She put a single bed with no headboard and a small desk into a room being used as a study by the vendor. Adding lots of luxurious bedding, it transformed the room into a perfect child’s bedroom for buyers.

In an area where there’s just dead space and no light, use mirrors to open up a space, she suggests. The Auckland home stager uses a mirror which has shutters on either side so it looks like a window.

For Jilly, home staging is about making it feel real too.  

“If you put up lots of art, that’s going to make people think, ‘We don’t have this much art, we’ll never make it look this good’, she says. Mirrors can be less challenging - everyone’s got a mirror.  

Utilise internal team resources

How much advice you can give to the seller and to buyers will depend on how well you can see the potential in a home yourself, as the agent. 

If this isn’t a natural area of strength for you; see if there’s someone in your office who may be able to give some advice. 

Ray White Grey Lynn agent, Elaine Ferguson is on her 18th home renovation, and has a background in marketing and design, so she’s very practised at talking to buyers about what they can do to improve a home. When she’s marketing a property that needs some TLC or could benefit from a clever reconfiguration, she’ll always have a few ideas percolating on what she would do if she owned the house. 

Some agents will be keen to share lots of renovation ideas with buyers to show potential - but she doesn’t recommend that. She’ll get their permission to give her ideas first.

“Sometimes, I’ll say that I’d love to get my hands on this, but I’ll always ask if they're interested in what I think,” says Elaine. 

When she looks at a home in need of some love, she’ll find a solution to its shortcomings for buyers. From the moment they come into the property, she’ll be working from their reaction to the house to come up with ideas.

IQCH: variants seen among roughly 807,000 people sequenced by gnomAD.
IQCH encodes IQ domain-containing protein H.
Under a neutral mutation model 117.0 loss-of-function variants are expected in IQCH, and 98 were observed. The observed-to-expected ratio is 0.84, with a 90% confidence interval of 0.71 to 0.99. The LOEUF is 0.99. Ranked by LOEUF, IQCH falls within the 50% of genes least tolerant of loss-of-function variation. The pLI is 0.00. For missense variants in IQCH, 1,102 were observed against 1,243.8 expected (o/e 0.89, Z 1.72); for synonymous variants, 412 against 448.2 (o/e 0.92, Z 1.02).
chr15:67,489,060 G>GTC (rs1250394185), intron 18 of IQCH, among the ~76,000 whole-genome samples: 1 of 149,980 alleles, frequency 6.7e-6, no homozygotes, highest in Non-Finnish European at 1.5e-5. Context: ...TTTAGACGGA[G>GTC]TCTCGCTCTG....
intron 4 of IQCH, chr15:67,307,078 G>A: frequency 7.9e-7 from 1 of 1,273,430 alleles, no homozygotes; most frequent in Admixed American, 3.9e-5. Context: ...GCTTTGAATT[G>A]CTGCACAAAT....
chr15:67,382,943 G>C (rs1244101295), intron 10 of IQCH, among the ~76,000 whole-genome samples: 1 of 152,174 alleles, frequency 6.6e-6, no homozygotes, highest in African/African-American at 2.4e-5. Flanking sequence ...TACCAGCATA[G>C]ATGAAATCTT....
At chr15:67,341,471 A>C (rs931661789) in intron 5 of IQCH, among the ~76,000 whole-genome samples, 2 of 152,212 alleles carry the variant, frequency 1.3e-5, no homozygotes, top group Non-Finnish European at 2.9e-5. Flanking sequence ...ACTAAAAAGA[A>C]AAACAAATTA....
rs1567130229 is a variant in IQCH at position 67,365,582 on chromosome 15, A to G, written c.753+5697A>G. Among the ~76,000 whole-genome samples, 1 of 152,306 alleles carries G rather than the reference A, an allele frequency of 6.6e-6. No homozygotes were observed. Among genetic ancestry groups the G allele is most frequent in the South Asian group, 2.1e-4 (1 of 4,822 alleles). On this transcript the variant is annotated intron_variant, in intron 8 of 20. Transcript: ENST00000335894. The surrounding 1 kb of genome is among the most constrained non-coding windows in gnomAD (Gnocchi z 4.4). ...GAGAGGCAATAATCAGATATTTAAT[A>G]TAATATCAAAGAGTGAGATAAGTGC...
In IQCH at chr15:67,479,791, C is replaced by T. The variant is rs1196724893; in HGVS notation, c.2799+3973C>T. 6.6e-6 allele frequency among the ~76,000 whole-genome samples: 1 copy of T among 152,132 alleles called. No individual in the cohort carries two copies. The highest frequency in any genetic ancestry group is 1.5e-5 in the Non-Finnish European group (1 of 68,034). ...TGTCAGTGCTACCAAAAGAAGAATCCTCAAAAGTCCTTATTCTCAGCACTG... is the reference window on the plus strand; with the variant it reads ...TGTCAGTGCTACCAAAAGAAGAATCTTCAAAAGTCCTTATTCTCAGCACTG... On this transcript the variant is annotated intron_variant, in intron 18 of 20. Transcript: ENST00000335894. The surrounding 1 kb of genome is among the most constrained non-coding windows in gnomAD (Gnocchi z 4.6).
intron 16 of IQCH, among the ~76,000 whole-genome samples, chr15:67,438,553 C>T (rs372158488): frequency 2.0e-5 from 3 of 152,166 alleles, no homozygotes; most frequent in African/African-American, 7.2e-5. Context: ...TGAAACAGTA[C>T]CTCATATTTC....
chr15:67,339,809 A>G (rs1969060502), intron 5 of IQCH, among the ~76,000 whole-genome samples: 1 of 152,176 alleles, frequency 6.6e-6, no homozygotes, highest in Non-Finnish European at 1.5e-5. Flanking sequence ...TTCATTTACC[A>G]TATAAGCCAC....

The Ray White agent tends to stay away from suggesting huge costly renovation ideas. At a home she was marketing recently, the pantry cupboard was blocking the view out from the kitchen and it could be taken out quite inexpensively, says Elaine. And she had worked out where the new owner could put an alternative pantry.

Certain era homes are more easily done up than others

Some styles of homes lend themselves easily to being done up.

Harcourts Twentythree agent, Lisa Westerby finds that villas, bungalows and 1960s homes respond particularly well to renovation. Brick and tile homes also do too, she says. And these get a lot of buyer interest.She recently sold a former state home in Mt Roskill which had had two owners beautify it without costly reconstruction. The first one did up the kitchen and bathroom and changed the flooring, the second invested in a lot of decking and landscaping around the property which really improved its appeal.

Elaine says that the state houses from the 1960s and 1970s respond well to a makeover. There are plenty of these homes in suburbs like Mt Roskill and Mt Albert in Auckland.


Gill South
Gill South